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Dual Language Learner (DLL) Scenario


In some circumstances, children find themselves in an environment necessitating to learn more than one language. Children may learn two languages at the same time whereby a child learns and speaks one language at home and begins to learn a second...Read More


~Posted on Jan 2019

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Dual Language Learner (DLL) Scenario

In some circumstances, children find themselves i...

In some circumstances, children find themselves in an environment necessitating to learn more than one language. Children may learn two languages at the same time whereby a child learns and speaks one language at home and begins to learn a second language in school. In the situation one learns two languages at the same time apart from their native language is referred to as Dual Language Learning (Cook, 2016). Dual language learning needs attention as a teacher has to understand how a child is acquiring and responding to the two languages.

Dual language is important as it helps children grow and develops them across all domains (Cook, 2016). However, there are circumstances where dual language learning is not easy. In this scenario, where four-year-old Sheila just moved into an English speaking country from Bosnia, and she does not speak a word of English, it can be hard. It would be challenging to get her to learn English because she does not socialize, but instead, she sits by herself and waits for her mother to pick her. As a teacher, to increase Sheila participation in class which will get her to learn English, I will implement three DLL strategies which are planning activities which are non-language dependent, facilitate problem-solving to help her emotionally and work on cultivating a caring and respectful learning environment.

Planning activities which do not require languages to communicate are essential. This includes gestures, games, drawing, writing, and using props (Cohen, 2014). Some students would like to communicate, but they do not have a way to do it. Sheila might be spending time alone because she feels left out during discussions. Therefore, as a teacher, I am going to encourage her to use gestures when communicating with classmates. Also, she can draw an animal she is describing or write down the name in her language, and I will translate to other students.  This will help Sheila to make friends with other classmates who are going to help her learn English. A student teaching another one is the easiest way as they understand each other personally. Therefore, using non- language dependent activities to get Sheila to make friends is an excellent strategy that will help her learn English.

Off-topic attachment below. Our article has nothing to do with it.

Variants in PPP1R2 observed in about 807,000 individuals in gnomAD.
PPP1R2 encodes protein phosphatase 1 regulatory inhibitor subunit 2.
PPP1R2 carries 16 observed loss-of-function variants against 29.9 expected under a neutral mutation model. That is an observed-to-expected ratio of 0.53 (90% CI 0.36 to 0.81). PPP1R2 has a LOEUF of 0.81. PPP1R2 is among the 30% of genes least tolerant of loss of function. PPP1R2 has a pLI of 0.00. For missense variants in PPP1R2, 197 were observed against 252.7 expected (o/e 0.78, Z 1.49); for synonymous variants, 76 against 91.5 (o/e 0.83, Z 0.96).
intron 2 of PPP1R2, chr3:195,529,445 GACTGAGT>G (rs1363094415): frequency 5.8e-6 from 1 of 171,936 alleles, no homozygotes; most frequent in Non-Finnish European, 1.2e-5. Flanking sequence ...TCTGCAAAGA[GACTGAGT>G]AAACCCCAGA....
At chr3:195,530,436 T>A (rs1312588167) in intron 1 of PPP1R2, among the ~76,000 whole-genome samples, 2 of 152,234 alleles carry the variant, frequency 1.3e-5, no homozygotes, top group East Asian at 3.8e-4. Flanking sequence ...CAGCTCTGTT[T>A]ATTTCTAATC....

The second DLL strategy that I would employ as a teacher is facilitating problem solving to help her emotionally (Cohen, 2014). Sheila is challenged emotionally that is why she cries and throws herself on the floor when her mother leaves her at school in the morning. This is because she is emotional about being left in a new environment with strangers. I will create problem-solving lessons where she manages to solve problems such as two friends fighting then she provides a solution. She will do this by either using gestures, the little English she would have learned or in her native language and I will translate for students. She will solve it in any language she feels comfortable in. Helping solve problems will help her grow emotionally and discover she can relate with other people other than her mother. This will motivate Sheila to learn English so she can help solve more problems in class in a language that everyone understands.

Working on cultivating a caring and respectful learning environment is another strategy that will help Sheila to learn English. One of the ways is by making all students learn each other's names and their meanings. Sheila can also tell the class the meaning of her name in her native language, and one student will tell her what it means in English. Also, I would create a fun environment by giving Sheila matching games on the computers where she matches her native language words with their corresponding English words and she scores points.

Sheila should not be referred to evaluation at this time. This is because she is still learning and if an evaluation is done to assess her language, she will feel like she is not good enough or rather her native language is not accepted. Sheila should be allowed to get to a point where she appreciates her native language, but she understands the importance of learning English as it is the primary language used in the school. At this point she can be evaluated as she will be good at it and fluent. 





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Dual Language Learner (DLL) Scenario

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Dual Language Learner (DLL) Scenario